It goes without saying that school districts should absolutely offer all the tools for high quality education – within their means. So, where exactly does a building – the shell – the place where all the learning occurs – fit into the picture?

We now have a construction project where less than 3% of $65 million dollars is allocated to technology for both schools, Technology – the very thing that will catapult our children into the future! Do we really need a bigger shell – or two renovated shells – as the world migrates more and more towards a remote workforce and online classes? What exactly does the shell offer? Well, let’s go back to the State. One thing we know for sure is that it requires compliance with endless safety and health regulations, code regulations, utility regulations, and regulation regulations. Some are necessary, most are ridiculous.

So, I voted ‘no.’

I voted ‘no’ because, although I believe the Bethel school system is an attractive benefit to our community, it does not represent the value of the entire community. Take seniors and veterans who own homes, for example. Seniors living in Bethel are a “net positive” for the Town. What seniors pay in taxes more than covers what they cost the Town – compared to the school system where, in Bethel, the current cost per pupil is close to $16K a year. It doesn’t make sense to drive seniors out of town. It seems much more logical to take the necessary steps to mitigate their tax burden. Bethel is lopsided that way.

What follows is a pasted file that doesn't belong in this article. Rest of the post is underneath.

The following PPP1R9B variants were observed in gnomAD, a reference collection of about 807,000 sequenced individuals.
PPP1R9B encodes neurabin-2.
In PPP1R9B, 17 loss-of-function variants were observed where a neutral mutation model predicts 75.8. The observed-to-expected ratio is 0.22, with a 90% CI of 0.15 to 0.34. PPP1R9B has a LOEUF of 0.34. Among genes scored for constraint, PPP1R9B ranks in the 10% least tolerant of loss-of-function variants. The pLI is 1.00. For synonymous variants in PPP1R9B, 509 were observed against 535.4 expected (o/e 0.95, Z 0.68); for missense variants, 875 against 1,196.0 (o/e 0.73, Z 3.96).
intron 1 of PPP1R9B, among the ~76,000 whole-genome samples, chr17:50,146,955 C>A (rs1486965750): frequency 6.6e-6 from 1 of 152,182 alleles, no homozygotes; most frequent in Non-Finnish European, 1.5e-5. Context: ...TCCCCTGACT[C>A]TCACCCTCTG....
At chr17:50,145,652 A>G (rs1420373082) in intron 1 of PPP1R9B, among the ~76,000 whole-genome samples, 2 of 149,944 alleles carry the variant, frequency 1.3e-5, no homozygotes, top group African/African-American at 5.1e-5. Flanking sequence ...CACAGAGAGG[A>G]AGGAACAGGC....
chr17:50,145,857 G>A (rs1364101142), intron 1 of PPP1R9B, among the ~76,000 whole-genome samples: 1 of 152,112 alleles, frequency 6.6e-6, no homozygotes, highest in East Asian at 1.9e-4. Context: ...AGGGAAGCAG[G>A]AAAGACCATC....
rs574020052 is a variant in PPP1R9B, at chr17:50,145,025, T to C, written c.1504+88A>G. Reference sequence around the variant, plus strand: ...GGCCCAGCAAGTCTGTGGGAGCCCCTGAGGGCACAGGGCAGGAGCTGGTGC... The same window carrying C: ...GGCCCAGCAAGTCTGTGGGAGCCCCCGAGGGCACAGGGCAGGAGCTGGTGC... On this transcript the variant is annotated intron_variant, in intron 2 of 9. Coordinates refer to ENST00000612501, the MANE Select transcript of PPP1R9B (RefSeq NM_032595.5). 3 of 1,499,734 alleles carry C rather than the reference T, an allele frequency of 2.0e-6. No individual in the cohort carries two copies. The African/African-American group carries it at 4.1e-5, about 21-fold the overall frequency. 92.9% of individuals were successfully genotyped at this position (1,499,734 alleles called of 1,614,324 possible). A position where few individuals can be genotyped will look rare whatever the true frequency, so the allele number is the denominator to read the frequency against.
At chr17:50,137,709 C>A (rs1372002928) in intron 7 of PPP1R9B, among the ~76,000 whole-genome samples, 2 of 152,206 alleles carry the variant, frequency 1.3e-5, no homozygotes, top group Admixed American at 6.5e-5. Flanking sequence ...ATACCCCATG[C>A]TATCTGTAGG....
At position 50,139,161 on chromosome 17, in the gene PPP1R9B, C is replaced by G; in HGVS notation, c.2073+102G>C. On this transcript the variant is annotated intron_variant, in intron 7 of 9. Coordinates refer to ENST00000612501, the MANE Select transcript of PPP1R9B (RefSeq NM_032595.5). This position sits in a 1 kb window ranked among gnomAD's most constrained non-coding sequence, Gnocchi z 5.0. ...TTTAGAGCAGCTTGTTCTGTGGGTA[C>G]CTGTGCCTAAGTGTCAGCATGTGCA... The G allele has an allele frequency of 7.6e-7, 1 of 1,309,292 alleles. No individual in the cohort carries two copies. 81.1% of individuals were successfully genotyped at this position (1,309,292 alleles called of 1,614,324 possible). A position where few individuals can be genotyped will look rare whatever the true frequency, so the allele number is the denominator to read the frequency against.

So, I voted ‘no.’

I voted ‘no’ for all the taxpayers who are struggling to keep their heads above water, who, ironically, as the resulting tax increases from this project hit five years down the road, may have already been forced to relocate.

I voted ‘no’ for single, divorced, widowed moms and dads who adore their children, and yet somehow feel deficient or ostracized from the more fortunate members of parent groups because of their financial status and political leanings. Some are ashamed to even ask for assistance, especially if they had been more self-sufficient in the past.